On December 20, something that’s been a long time coming happened at Cambridge’s Massive Records: a group of hip-hop locals met and, with artists like Lyrical, Slaine and Jaysaun from Special Teamz, and Eroc and Optimus from the Foundation on hand, created a union of local emcees under the banner of the Mass. Industry Committee (M.I.C.). “Boston doesn’t cater to hip-hop,” Slaine said at the meeting. But that’s beginning to change, with success stories like Mr. Lif, Akrobatic, Benzino of Made Men, and EdoG. Keeping those artists in Boston when NYC is just a turnpike away is a challenge. Unity among local rappers, along with a friendlier attitude toward hip-hop in general, is a big part of the solution. M.I.C.’s focus is on booking more shows, doing away with dress codes (the jersey, sneaker, and baseball cap ban that many clubs enforce), and eliminating the fear of violence that’s associated with hip-hop.
“We want to get into clubs,” local rapper Lokee said. “We need to rally against racism.”
M.I.C. is already bearing fruit: on January 21 they’ll bring legendary Queens rapper Kool G. Rap [see "Correction," below] to headline downstairs at the Middle East on a bill with some of the local scene’s finest — Lyrical, Dre Robinson, Cekret Society, and Illin’ P. Rap’s now working on new tracks while supporting a self-released mixtape, Dead or Alive, he put together with DJ Whoo Kid and G-Unit.
The Middle East show also marks a big step for M.I.C., which will announce the nominees for the first annual M.I.C. Hip-Hop Awards. Fans can vote through www.MassIndustryCommittee.com, and at select locations around town, M.I.C. VP Lyrical explained by phone.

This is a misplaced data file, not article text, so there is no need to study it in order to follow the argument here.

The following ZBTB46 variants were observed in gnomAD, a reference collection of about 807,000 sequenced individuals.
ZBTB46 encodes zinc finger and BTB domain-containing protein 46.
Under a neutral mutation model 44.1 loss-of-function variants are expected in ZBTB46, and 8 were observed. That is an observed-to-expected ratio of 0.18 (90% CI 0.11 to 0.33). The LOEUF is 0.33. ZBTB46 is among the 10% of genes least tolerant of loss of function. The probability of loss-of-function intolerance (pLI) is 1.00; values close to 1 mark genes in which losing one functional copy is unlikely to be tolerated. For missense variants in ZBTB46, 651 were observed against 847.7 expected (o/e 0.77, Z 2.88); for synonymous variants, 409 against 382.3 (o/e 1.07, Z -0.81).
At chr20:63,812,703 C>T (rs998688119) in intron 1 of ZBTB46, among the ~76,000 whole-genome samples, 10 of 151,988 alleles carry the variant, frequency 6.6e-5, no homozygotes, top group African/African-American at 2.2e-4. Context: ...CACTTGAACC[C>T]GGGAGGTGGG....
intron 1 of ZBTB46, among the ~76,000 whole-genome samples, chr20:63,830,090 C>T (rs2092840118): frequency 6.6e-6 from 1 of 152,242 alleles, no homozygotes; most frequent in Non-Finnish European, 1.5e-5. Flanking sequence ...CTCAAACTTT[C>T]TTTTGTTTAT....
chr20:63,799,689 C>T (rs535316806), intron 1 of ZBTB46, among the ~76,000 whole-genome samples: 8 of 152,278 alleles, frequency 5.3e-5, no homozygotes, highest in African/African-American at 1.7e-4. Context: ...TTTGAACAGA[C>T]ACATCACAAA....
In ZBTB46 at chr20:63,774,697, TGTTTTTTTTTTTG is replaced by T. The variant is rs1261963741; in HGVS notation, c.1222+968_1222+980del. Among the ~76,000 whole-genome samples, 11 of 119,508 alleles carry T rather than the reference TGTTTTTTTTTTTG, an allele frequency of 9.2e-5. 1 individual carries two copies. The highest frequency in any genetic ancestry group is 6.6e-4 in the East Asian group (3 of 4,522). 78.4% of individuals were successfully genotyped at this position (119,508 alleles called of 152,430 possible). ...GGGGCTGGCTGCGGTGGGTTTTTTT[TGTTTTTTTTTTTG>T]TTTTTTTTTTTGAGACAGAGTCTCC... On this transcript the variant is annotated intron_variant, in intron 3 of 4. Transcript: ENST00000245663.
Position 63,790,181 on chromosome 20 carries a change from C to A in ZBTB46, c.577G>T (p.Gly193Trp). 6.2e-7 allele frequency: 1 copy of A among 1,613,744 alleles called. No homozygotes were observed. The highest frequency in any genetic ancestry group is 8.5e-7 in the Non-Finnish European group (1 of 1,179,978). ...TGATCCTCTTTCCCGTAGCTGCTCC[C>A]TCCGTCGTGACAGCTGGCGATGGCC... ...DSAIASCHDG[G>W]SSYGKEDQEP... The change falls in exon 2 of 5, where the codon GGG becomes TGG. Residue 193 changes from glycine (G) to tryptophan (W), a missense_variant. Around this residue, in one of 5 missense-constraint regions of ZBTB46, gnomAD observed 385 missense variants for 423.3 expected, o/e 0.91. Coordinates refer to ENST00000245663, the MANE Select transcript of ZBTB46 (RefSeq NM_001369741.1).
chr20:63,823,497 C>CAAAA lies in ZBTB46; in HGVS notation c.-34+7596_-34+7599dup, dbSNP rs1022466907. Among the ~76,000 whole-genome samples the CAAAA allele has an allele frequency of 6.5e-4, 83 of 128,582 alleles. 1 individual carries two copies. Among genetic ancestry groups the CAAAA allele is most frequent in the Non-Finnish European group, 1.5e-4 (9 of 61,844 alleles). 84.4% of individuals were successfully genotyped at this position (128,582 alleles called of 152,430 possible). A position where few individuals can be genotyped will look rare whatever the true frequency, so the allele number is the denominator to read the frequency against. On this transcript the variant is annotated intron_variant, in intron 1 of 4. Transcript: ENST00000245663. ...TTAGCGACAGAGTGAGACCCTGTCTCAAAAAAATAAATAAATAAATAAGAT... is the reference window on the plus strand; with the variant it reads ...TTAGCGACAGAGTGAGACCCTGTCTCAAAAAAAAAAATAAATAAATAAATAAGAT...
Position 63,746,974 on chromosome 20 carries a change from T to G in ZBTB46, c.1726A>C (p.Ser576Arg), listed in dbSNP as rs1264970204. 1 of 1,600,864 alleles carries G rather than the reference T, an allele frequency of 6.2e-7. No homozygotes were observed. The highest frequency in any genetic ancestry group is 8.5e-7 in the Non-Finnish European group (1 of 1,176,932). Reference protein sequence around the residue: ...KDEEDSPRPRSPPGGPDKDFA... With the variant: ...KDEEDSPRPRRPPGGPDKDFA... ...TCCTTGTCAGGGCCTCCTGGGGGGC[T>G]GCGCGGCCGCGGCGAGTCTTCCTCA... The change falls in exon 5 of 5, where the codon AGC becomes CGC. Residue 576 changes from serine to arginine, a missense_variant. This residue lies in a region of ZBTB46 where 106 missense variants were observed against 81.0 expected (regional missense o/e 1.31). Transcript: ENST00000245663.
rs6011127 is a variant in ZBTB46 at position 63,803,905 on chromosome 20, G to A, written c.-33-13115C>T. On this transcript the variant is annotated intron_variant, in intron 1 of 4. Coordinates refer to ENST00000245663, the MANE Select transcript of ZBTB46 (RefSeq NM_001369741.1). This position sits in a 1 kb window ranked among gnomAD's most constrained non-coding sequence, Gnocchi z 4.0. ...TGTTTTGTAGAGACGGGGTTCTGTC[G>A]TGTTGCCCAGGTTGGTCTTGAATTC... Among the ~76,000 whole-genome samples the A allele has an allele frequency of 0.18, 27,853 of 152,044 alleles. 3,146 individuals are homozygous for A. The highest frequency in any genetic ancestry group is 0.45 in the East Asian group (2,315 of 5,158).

Lyrical is one of the hardest-working artists in the city, according to the show’s host Kerosene, an executive at Portlife Entertainment. He recently released Infiniti (Blaze the World), a disc that highlights his smooth delivery, quick wordplay, and intelligent commentary. “The flow’s Butterworth,” he raps in “The Focuz Is Back.” “Nicest on the mother earth . . . Spit game like I’m Shuttlesworth/Staying humble first.” Between performances, he promotes events, scouts talent, and brings national artists like Kool G Rap to Boston. His label, Dotted i Music and Entertainment (D.I.M.E.), is currently merging with the fledgling Massive Records, which was announced last week by the Cambridge record store.
Two additional artists performing at the Middle East — Dre Robinson and Tek MP from Cekret Society — have known each other since they were corner kids spitting freestyles on the block in Dorchester where they grew up. Their point of view — particularly Tek’s — is strongly influenced by a tragedy that struck on May 24, 1991, when a good friend lost his life to street violence. “This is how it was in ’91,” Tek recalls with an eye toward today’s rising murder rate. “I lost so many friends between ’91 and ’95.”
Dre remembers freestyling at Dorchester cookouts long before he recently inked a distribution deal with Universal. Indeed, this year, Tek, MP, and Lord Linz of Cekret Society are planning to pursue solo projects to follow up last year’s Top Cekret mixtape. The trio’s complimentary styles on tracks like “Cekret Anthem” and “Pop Musik” made that collection one of Boston hip-hop’s 2005 highlights.